What is pet bereavement?
For many people the loss of a pet is similar to the loss of a human loved one. Many pets are treated as part of the family and as such can leave a huge hole in people’s lives when they leave us. We all understand what death means even if we have not experienced it first hand and for many people living alone, their pet may be the only contact they have daily, so losing their constant companion can be a huge blow.Bereavement is the period of mourning after a loss, especially after the death of a loved one
Discussing death is stressful for both pet owners and veterinary professionals, however it is an essential part of being a pet owner.
In the case of potential euthanasia, discussion prior to the loss of the pet may help owners to validate their decisions and enable them to make an informed choice for their pet and family.
There are various causes of death of a pet, however there are other reasons owners may lose a pet and feel bereaved
Unexpected death for example; whilst under anaesthetic , underlying medical conditions, road traffic accident, whilst in someone else’s care
Natural death due to old age
Unintentional neglect; occurs when a caregiver unknowingly fails to provide basic necessities or care
Court order; An owner commits an offence of cruelty or suffering under the welfare of animals act 2011
Lost or stolen pet
Having to give up pet for re-homing due to personal circumstances ie going into care home or divorce
We would all like to end our lives sitting in the sunshine with a refreshing drink in our hands and peacefully drift off and would like a peaceful ending for our pets too.
Unfortunately, the end of life is never that simple and it sometimes means making a very difficult decision Pets rely on their owner to do the best for them that they can. Apart from the daily care needed it means being aware of when a pet is unwell or in pain.
Duty of care includes visiting the vets when needed, and when old age, illness or injury occurs it may include making the decision to let them go peacefully.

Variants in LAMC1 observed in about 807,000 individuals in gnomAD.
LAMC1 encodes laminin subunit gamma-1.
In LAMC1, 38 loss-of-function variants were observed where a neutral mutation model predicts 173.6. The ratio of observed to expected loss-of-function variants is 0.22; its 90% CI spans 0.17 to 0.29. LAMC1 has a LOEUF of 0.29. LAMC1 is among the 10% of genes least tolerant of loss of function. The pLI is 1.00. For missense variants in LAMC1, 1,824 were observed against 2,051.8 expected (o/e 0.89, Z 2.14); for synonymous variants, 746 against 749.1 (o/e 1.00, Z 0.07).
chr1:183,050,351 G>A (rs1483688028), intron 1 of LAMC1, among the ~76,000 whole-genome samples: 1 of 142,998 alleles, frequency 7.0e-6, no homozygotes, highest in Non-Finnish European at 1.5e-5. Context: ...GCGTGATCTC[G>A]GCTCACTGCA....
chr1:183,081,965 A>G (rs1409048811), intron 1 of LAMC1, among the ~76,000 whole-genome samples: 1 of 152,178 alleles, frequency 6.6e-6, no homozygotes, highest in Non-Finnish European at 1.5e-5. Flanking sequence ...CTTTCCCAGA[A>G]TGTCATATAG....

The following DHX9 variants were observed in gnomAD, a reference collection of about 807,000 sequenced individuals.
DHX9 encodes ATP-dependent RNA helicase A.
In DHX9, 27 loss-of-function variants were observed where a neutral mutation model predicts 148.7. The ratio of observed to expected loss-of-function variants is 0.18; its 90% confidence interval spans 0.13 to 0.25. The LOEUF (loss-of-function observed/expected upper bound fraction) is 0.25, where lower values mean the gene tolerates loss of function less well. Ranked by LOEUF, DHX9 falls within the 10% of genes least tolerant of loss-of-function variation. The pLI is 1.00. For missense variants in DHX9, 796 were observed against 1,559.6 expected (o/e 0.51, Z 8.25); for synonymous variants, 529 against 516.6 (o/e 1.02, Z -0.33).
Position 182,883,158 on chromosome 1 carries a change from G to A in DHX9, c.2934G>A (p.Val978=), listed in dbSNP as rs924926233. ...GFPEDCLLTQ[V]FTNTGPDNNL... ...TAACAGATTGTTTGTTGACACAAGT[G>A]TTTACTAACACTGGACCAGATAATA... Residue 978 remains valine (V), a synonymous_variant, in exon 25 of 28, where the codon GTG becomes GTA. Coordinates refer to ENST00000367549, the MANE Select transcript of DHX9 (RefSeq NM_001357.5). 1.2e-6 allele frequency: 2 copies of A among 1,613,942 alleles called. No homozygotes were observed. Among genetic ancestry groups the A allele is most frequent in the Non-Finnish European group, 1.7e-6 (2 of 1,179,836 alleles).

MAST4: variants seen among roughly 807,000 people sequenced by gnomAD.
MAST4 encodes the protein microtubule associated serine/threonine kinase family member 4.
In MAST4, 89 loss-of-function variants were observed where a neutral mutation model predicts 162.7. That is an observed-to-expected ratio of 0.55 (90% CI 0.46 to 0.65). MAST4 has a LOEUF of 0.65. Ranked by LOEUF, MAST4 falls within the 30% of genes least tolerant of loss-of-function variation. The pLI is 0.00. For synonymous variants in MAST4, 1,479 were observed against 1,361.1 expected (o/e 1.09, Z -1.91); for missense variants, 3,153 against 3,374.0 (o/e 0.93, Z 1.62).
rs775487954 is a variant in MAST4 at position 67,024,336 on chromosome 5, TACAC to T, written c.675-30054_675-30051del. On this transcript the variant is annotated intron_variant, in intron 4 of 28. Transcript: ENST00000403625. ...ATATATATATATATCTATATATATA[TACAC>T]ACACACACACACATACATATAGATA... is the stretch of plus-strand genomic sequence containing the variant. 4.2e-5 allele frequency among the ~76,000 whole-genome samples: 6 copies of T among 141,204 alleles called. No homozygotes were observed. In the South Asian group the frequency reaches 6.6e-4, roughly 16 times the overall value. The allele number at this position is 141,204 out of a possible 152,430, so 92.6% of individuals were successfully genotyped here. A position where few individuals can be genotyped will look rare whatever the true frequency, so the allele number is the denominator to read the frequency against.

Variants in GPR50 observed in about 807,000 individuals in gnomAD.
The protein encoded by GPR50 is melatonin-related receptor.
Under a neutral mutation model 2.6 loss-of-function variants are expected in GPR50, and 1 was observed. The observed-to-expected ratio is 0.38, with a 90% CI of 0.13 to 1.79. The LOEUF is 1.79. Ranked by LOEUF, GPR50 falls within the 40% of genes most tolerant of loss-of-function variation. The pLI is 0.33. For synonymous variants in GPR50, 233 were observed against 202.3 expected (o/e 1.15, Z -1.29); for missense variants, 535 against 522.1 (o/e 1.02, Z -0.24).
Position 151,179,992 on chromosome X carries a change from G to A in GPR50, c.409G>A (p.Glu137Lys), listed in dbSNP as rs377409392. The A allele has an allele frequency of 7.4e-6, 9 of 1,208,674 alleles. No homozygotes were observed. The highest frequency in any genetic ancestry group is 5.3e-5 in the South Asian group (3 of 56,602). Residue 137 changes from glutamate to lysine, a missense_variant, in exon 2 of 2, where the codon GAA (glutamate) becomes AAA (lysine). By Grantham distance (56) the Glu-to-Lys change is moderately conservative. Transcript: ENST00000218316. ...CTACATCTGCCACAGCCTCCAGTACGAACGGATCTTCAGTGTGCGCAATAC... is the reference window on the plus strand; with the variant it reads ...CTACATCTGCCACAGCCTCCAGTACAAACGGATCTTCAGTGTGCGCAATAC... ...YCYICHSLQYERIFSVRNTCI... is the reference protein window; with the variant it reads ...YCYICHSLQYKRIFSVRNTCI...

This will probably be one of the most traumatic decisions a pet owner has to make, so it is important that veterinary professionals are familiar with the process and are able to explain to the owners what happens if and when they ask and be able to help them through the decision making in a time frame to suit them if possible. Some pet owners may want to be with their pet to comfort them whilst it is carried out, some may prefer to keep their distance so a careful discussion to find out their wishes is important.
If there has been a long or terminal illness, the owners may feel relief that their pet will finally be at peace. This can be an extremely upsetting and emotional event for everyone, so should be handled with care.
What should I expect from my vet?
An explanation of what has happened or is going to happen if you request it and support through the process with dignity, compassion and sensitivity
Empathy – is the awareness of feelings and emotions of others, even without the spoken word. It is the link between ourselves and others as if we are feeling the emotions ourselves. No pre-conceived ideas and an open mind. They will offer practical advice on choices , but give you the time to come to terms with the situation and time for you and your family to say goodbye if at all possible.
If you wish to keep a memento of your pet such as a collar, piece of fur, please tell your vet.
The final decisions of a pets resting place is a very personal and emotional one. Gentle questioning to ascertain what an owner wishes to do with their pet after death is important to get it right. The owner may wish the vet practice to dispose of the pet for them but in many cases may choose to have a burial or cremation, or they may wish to take their pet home with them to bury in the garden and have their own ceremony.
After the loss of a pet Different ages of people may react differently to the loss of their pet.
Adults may cope better if they are leading full and busy lives, for instance if they are at work all day there are things which need to be done that may help to distract from the loss. Some people may need time away from work in the immediate aftermath of a pet loss just as in human loss
Children Quite often children will accept situations easier than adults as long as they can ask questions and receive gentle honest answers. Children will miss the pet being there and will pick up on the reaction and grief of the adults.
However, if the pet belongs to the child or if it is the first household pet, they may have formed a very close bond which could be very painful. A child’s first experience of death should be handled very carefully and they should be encouraged to take part in the decision making of any ceremony the adults decide to carry out. Allowing children time to adjust and to say a proper goodbye if possible beforehand is very important. Simple terms such as illness and going to sleep are better for small children. By the age or 9 or 10, children are usually aware of the aspects of death and may have more questions about the practical workings of euthanasia, burial or cremation which need to be answered gently but honestly.